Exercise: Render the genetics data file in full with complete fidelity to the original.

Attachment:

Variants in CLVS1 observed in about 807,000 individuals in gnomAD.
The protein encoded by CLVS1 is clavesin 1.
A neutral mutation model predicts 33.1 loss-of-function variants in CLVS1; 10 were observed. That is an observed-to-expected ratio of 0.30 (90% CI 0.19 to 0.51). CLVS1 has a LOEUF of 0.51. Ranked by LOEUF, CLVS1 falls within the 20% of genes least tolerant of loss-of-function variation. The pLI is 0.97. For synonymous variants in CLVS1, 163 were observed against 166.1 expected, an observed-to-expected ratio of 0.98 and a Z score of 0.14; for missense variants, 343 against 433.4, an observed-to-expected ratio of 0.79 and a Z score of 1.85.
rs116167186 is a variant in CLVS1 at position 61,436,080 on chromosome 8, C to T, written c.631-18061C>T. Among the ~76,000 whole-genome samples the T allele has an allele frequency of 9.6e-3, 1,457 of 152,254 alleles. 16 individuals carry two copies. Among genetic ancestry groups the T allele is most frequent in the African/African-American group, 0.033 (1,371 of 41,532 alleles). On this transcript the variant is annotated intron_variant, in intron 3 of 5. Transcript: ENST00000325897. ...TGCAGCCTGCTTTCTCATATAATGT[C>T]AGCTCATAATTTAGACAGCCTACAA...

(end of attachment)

Variants in CLVS1 observed in about 807,000 individuals in gnomAD.
The protein encoded by CLVS1 is clavesin 1.
A neutral mutation model predicts 33.1 loss-of-function variants in CLVS1; 10 were observed. That is an observed-to-expected ratio of 0.30 (90% CI 0.19 to 0.51). CLVS1 has a LOEUF of 0.51. Ranked by LOEUF, CLVS1 falls within the 20% of genes least tolerant of loss-of-function variation. The pLI is 0.97. For synonymous variants in CLVS1, 163 were observed against 166.1 expected, an observed-to-expected ratio of 0.98 and a Z score of 0.14; for missense variants, 343 against 433.4, an observed-to-expected ratio of 0.79 and a Z score of 1.85.
rs116167186 is a variant in CLVS1 at position 61,436,080 on chromosome 8, C to T, written c.631-18061C>T. Among the ~76,000 whole-genome samples the T allele has an allele frequency of 9.6e-3, 1,457 of 152,254 alleles. 16 individuals carry two copies. Among genetic ancestry groups the T allele is most frequent in the African/African-American group, 0.033 (1,371 of 41,532 alleles). On this transcript the variant is annotated intron_variant, in intron 3 of 5. Transcript: ENST00000325897. ...TGCAGCCTGCTTTCTCATATAATGT[C>T]AGCTCATAATTTAGACAGCCTACAA...